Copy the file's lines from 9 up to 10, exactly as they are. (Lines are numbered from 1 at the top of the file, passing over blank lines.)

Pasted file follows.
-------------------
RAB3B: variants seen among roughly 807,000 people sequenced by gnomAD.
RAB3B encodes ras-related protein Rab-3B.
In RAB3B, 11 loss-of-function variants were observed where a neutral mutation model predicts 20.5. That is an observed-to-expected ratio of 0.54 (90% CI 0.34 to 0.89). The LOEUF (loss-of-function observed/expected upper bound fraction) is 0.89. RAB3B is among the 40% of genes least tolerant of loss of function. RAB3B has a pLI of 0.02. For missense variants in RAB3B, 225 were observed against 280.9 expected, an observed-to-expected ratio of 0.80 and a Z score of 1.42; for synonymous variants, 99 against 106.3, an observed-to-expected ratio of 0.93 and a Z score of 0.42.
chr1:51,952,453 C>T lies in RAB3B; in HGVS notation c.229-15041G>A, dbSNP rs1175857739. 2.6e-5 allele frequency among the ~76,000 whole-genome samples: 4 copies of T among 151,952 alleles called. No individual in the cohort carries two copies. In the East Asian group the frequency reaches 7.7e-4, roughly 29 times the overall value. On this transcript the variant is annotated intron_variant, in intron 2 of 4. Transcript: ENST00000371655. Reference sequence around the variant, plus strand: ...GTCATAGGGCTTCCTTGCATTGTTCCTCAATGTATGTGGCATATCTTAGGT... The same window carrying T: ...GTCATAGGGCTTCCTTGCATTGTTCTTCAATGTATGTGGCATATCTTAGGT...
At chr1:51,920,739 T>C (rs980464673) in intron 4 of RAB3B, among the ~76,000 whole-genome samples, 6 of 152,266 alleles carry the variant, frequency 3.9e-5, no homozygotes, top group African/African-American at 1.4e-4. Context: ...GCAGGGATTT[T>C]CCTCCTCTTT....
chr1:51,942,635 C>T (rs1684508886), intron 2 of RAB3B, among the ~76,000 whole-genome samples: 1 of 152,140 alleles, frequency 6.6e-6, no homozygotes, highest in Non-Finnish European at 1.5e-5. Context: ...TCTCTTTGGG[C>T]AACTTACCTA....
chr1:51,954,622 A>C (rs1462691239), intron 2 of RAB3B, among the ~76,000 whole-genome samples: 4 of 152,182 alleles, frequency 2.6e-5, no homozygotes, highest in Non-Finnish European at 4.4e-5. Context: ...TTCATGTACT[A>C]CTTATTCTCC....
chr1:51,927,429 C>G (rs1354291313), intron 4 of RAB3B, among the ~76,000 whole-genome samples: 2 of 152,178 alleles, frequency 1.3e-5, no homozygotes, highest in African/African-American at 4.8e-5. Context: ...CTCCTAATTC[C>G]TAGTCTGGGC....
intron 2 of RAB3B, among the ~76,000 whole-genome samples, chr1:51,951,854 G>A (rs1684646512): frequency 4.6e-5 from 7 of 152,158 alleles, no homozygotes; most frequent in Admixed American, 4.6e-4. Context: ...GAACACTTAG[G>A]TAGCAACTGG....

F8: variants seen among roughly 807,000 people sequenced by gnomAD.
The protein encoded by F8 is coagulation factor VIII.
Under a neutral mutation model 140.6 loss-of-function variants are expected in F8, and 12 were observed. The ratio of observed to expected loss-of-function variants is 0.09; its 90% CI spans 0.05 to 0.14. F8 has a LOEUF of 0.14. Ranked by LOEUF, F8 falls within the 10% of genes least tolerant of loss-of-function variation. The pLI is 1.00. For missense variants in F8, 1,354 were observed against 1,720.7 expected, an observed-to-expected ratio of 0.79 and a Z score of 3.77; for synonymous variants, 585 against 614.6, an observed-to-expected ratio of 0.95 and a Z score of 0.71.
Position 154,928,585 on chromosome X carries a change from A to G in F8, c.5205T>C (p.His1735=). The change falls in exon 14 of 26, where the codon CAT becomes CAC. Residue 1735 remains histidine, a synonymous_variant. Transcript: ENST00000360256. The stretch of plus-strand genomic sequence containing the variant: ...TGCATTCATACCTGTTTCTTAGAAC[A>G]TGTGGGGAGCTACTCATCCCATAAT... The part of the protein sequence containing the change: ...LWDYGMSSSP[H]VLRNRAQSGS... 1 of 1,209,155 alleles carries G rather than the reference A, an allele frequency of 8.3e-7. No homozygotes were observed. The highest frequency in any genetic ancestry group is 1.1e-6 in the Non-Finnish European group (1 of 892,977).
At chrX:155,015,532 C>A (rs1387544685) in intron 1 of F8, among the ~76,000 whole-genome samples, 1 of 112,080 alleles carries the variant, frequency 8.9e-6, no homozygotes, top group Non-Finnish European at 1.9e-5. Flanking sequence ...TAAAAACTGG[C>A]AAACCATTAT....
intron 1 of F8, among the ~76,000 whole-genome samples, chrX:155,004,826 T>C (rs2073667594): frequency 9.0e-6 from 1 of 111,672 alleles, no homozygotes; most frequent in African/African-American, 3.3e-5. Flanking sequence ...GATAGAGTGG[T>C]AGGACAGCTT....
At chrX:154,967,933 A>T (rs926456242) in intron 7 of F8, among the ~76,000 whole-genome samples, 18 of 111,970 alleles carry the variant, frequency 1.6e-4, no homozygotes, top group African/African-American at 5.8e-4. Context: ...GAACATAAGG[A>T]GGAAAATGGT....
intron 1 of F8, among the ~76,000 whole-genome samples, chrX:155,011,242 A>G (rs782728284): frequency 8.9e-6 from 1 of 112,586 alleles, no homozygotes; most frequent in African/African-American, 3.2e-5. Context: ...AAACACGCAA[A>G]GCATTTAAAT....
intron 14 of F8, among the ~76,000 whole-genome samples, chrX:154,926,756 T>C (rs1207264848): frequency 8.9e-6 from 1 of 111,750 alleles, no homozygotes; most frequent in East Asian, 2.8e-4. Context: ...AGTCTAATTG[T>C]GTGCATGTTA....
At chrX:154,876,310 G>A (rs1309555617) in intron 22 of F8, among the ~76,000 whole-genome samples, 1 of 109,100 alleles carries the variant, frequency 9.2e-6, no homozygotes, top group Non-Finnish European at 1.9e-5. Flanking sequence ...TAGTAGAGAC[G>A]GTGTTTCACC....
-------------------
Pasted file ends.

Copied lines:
intron 2 of RAB3B, among the ~76,000 whole-genome samples, chr1:51,951,854 G>A (rs1684646512): frequency 4.6e-5 from 7 of 152,158 alleles, no homozygotes; most frequent in Admixed American, 4.6e-4. Context: ...GAACACTTAG[G>A]TAGCAACTGG....

F8: variants seen among roughly 807,000 people sequenced by gnomAD.